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53 rescue dogs survived a plane crash; they are now available for adoption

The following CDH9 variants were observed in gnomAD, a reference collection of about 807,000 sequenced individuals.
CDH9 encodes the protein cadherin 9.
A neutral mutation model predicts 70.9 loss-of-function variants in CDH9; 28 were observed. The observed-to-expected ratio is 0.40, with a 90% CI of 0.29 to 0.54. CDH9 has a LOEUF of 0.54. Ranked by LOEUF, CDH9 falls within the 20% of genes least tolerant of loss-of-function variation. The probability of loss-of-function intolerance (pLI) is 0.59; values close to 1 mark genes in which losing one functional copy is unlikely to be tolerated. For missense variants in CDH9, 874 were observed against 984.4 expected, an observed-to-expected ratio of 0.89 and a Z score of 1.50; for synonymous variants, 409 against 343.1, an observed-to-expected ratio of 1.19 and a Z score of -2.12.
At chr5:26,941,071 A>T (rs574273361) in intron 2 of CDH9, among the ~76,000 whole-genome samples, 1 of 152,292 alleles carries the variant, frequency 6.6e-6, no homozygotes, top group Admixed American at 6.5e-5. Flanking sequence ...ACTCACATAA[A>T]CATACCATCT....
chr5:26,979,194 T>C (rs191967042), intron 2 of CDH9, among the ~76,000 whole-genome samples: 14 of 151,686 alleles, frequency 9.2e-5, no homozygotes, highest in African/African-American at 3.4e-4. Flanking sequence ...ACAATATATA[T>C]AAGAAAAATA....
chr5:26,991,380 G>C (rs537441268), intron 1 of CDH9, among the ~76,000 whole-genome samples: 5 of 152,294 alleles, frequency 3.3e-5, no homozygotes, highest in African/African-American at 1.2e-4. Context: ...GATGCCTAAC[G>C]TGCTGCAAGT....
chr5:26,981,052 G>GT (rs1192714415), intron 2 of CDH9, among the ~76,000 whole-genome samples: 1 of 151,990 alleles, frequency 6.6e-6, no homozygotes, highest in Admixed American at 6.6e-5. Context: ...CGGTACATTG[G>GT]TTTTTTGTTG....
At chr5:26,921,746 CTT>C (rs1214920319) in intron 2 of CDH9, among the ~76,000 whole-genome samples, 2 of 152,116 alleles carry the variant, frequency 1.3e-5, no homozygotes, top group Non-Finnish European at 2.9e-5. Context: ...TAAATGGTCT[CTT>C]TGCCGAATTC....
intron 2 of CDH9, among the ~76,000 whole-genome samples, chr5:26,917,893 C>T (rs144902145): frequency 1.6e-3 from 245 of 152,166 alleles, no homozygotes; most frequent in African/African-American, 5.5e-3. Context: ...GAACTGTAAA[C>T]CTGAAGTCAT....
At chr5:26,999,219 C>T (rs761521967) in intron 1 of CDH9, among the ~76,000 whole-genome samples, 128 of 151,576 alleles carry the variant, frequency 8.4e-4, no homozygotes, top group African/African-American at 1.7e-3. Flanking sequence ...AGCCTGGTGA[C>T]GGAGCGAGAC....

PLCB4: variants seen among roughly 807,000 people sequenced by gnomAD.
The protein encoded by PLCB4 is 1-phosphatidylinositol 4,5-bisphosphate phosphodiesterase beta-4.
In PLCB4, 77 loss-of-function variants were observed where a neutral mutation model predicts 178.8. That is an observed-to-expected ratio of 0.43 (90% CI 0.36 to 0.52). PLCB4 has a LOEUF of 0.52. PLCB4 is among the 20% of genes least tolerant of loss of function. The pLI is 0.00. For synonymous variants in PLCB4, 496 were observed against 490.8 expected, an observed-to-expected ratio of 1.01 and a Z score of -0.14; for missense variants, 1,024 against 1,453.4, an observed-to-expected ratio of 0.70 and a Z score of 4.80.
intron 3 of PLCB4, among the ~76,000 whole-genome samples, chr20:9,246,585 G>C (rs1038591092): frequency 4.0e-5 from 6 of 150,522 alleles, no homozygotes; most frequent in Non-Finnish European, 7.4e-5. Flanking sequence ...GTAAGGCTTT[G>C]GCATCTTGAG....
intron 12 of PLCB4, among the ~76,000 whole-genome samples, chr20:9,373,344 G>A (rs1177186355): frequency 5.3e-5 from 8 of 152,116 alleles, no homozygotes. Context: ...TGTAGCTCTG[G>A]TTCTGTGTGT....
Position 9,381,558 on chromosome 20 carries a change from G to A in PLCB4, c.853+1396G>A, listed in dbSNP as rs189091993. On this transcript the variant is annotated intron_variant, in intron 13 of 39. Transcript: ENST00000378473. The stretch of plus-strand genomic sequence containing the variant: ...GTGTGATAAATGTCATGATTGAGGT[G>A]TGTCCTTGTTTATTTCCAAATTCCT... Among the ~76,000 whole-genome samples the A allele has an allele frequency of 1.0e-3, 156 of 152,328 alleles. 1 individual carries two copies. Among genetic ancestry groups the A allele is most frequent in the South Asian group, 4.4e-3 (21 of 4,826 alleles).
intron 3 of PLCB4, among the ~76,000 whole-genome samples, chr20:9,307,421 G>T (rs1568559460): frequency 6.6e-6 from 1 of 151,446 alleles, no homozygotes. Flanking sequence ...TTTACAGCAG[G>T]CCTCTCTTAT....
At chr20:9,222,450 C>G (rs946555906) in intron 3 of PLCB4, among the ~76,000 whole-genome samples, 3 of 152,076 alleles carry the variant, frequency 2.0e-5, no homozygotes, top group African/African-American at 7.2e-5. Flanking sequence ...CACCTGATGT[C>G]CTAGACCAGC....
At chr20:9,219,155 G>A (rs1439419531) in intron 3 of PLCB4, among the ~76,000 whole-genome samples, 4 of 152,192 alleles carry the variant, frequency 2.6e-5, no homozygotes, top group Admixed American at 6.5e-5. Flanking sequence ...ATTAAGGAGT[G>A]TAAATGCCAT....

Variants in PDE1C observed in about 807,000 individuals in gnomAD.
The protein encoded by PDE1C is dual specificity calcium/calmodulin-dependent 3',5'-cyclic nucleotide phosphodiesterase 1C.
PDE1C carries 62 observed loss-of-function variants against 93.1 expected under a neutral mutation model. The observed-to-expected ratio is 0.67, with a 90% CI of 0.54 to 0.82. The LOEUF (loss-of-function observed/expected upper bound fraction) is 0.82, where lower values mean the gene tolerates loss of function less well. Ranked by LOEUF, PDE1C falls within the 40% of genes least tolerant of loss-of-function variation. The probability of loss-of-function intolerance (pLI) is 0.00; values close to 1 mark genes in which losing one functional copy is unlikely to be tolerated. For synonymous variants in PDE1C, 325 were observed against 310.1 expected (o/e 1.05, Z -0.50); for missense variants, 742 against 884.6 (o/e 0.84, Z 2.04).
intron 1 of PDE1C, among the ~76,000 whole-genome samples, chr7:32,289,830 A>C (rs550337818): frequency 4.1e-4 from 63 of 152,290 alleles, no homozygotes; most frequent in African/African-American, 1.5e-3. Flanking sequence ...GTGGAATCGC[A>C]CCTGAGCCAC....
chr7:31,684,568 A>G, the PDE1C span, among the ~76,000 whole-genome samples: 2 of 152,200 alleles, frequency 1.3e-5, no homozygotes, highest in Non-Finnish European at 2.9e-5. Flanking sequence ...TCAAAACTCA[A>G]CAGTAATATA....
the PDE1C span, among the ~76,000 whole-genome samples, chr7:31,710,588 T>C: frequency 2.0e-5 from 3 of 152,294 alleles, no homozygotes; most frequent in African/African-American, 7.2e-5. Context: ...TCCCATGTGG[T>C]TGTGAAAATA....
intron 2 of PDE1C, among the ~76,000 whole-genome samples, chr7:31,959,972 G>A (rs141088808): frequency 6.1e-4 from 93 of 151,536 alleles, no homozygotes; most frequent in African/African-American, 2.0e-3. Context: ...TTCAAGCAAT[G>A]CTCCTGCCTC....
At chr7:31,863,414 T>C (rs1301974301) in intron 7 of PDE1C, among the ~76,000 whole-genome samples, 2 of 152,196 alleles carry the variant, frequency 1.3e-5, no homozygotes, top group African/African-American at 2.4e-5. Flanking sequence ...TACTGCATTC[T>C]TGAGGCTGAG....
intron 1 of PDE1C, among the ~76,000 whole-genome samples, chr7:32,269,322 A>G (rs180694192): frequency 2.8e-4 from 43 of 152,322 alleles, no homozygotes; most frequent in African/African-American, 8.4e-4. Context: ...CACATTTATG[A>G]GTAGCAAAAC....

?Photo Ilusttration/Photos from HAWSA Swearingen SA227AT Merlin IVC crashed Nov. 15 outside of Milwaukee at Western Lakes Golf Club. The twin-engine turboprop belly landed on the green and severed the wings. The aircraft was traveling with 53 rescue dogs, who were treated for injuries. The three passengers were also treated for non-life-threatening injuries. Officials discussed the extent of the damage to the plane and the fortunate survival of all passengers and canines aboard the aircraft. There were approximately 300 gallons of fuel leaking out of the plane due to the severity of the damage to the plane. Before exiting, the pilot was able to shut down the power and hit the emergency fuel shut off. The majority of the fuel was carried in the wings and was not an issue after the crash when the wings were ripped off. Multiple deputies were dispatched to assist the injured passengers and animals and the FAA was notified to investigate the crash. Humane Animal Welfare Society Director Maggie Tate-Techtmann said that once the dogs were looked over and treated they would be available for adoption. Of the 53 dogs, 21 were taken to be treated for injuries. The dogs were being transported to HAWS and partnering shelters and will be put up for adoption once their health has been assured.See updates on the dogs and find out how to adopt Tate-Techtmann said that rescues are transported in the air often and a dedicated team is ready to help ease their transition and comfort the dogs. HAWS has raised money for the unforeseen medical costs for many of the dogs. There is no known cause for the crash yet but the FAA and NTSB are investigating. Steps are being taken to address the leaking jet fuel in the ground and atmosphere, which, due to the wings being severed in the air was released more into the atmosphere than the ground. The snow and weather were not contributing factors in the crash. The general manager of the golf course Jason Hoelz said there was minimal damage to the course. Hoelz said he did not hear the crash and the maintenance workers were the first to alert him.Responders quickly helped the dogs with their injuries and anxiety about the event. Some of the rescues were adopted by the first responders that were at the scene.
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